Sisseton Indep. Sch. Dist., No. 54-5, S.D., 804 F.2d
469, 471 (8th Cir. 1986) ("The legislative history of
the 1982 amendment to § 2 indicates that it was aimed
particularly at discriminatory at-large election systems
which dilute minority voting strength.").
are two steps to proving a section 2 vote dilution claim: (1)
satisfying the so-called "Gingles
preconditions," and (2) showing the violation based on a
totality of the circumstances. In the first step, plaintiffs
are required to prove three preconditions by a preponderance
of the evidence:
(1) The racial group is sufficiently large and geographically
compact to constitute a majority in a single-member district;
(2) the racial group is politically cohesive; and (3) the
majority votes sufficiently as a bloc to enable it to usually
defeat the minority's preferred candidate.
Bone Shirt v. Hazeltime, 461 F.3d 1011, 1018 (8th
Cir. 2006) (cleaned up) (quoting League of United Latin
Am. Citizens v. Perry (LULAC), 548 U.S. 399,
425 (2006)). Satisfying these three preconditions
"carries a plaintiff a long way towards showing a
Section 2 violation," but does not suffice. Harvell
v. Blytheville Sch. Dist. No. 5, 71 F.3d 1382, 1390 (8th
Cir. 1995) (en banc).
second step, "the statutory test directs us to consider
the 'totality of the circumstances' to determine
whether members of a racial group have less opportunity than
do other members of the electorate." LULAC, 548
U.S. at 425-26. The Supreme Court has further instructed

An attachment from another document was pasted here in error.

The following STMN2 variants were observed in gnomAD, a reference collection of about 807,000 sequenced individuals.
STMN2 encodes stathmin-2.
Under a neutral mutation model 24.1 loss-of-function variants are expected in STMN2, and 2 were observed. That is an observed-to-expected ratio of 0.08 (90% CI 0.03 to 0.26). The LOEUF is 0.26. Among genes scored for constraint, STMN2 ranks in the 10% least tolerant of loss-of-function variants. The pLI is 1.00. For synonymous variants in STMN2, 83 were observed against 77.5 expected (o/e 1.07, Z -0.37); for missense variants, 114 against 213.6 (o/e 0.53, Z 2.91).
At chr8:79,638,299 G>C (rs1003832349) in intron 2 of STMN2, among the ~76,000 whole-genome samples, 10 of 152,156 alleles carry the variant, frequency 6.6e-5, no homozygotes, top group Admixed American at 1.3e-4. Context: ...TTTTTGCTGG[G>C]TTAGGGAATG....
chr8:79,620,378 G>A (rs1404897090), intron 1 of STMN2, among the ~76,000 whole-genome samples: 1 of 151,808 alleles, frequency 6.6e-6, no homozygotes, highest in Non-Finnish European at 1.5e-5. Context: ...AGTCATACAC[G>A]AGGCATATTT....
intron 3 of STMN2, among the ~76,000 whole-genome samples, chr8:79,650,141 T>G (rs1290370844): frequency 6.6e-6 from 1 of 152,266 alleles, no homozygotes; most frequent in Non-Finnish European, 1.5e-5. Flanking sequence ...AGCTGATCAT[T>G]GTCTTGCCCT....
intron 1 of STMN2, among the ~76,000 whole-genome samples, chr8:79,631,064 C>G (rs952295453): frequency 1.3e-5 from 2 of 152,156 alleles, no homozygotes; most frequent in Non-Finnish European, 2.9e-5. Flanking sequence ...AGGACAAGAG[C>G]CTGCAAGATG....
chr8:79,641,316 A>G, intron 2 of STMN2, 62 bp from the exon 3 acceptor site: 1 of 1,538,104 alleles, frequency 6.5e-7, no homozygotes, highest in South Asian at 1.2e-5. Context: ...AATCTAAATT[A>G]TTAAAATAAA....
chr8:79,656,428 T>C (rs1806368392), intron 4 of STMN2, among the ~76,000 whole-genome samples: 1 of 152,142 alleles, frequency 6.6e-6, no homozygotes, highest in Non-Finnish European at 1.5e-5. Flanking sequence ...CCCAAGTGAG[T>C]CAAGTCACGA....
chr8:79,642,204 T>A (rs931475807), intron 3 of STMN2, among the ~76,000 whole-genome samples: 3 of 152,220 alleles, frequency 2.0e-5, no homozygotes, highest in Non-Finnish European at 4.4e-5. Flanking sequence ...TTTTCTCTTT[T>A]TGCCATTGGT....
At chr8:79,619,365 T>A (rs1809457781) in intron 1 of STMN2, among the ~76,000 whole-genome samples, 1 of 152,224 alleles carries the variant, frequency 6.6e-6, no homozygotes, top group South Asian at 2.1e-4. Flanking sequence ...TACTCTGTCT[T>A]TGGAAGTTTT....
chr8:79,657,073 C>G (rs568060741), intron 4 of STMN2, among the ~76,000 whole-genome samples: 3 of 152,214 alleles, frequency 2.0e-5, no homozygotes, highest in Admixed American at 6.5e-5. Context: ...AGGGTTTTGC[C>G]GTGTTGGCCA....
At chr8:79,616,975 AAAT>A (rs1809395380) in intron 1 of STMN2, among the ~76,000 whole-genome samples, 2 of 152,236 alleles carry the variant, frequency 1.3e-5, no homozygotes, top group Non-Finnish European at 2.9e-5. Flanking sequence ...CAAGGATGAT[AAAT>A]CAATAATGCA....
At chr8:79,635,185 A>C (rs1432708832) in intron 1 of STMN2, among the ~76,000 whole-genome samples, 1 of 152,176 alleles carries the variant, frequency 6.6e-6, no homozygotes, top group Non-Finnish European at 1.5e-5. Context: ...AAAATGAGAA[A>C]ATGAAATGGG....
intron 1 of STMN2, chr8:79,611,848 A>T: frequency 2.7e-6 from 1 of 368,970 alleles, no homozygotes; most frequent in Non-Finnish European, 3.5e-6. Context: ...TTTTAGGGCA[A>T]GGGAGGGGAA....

that, in applying this standard, we are to consider a list of
factors that were included in the Senate Report on the 1982
amendments to the VRA. Id. at 426. These factors
(1) "the history of voting-related discrimination in the
State or political subdivision;"
(2) "the extent to which voting in the elections of that
State or political subdivision is racially polarized;"
(3) "the extent to which the State or political
subdivision has used voting practices or procedures that tend
to enhance the opportunity for discrimination against the
minority group, such as unusually large election districts,
majority vote requirements, and prohibitions against bullet
(4)"the exclusion of members of the minority group from
candidate slating processes;"
(5) "the extent to which minority group members bear the
effects of past discrimination in areas such as education,
employment, and health, which hinder their ability to
participate effectively in the political process;"
(6)"the use of overt or subtle racial appeals in
(7)"the extent to which members of the minority group
have been elected to public office in the jurisdiction;"
(8)the extent to which "elected officials are
unresponsive to the particularized needs of the members of
the minority group;" and
(9)whether "the policy underlying the State's or
political subdivision's use of the contested practice or
structure is tenuous."
Gingles, 478 U.S. at 44-45; see also LULAC,
548 U.S. at 426; Bone Shirt, 461 F.3d at 1021-22.
The Senate Report also "stresses . . . this list of
typical factors is neither comprehensive nor exclusive."
Gingles, 478 U.S. at 45.
NAACP sued FFSD and the St. Louis County Board of Elections,
alleging that FFSD's at-large elections violated section
2 of the VRA because the elections-along with the historical
and socioeconomic realities present in the district-denied
black residents a meaningful opportunity ...